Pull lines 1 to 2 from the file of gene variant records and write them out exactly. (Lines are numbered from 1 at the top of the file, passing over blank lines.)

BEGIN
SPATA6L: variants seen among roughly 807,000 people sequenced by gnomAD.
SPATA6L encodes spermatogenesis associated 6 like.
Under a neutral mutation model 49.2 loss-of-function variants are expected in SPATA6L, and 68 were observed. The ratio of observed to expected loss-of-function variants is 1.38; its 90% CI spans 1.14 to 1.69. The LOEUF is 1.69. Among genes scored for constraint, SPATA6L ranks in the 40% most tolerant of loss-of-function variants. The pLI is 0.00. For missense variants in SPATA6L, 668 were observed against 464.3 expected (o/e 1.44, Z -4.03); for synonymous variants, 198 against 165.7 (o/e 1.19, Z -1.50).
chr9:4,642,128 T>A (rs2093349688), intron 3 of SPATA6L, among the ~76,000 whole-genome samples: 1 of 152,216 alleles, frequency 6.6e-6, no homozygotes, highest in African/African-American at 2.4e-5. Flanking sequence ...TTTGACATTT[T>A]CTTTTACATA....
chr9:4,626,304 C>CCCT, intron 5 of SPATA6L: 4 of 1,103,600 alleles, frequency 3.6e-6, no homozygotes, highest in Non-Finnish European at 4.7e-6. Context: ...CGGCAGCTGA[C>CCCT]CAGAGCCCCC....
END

SPATA6L: variants seen among roughly 807,000 people sequenced by gnomAD.
SPATA6L encodes spermatogenesis associated 6 like.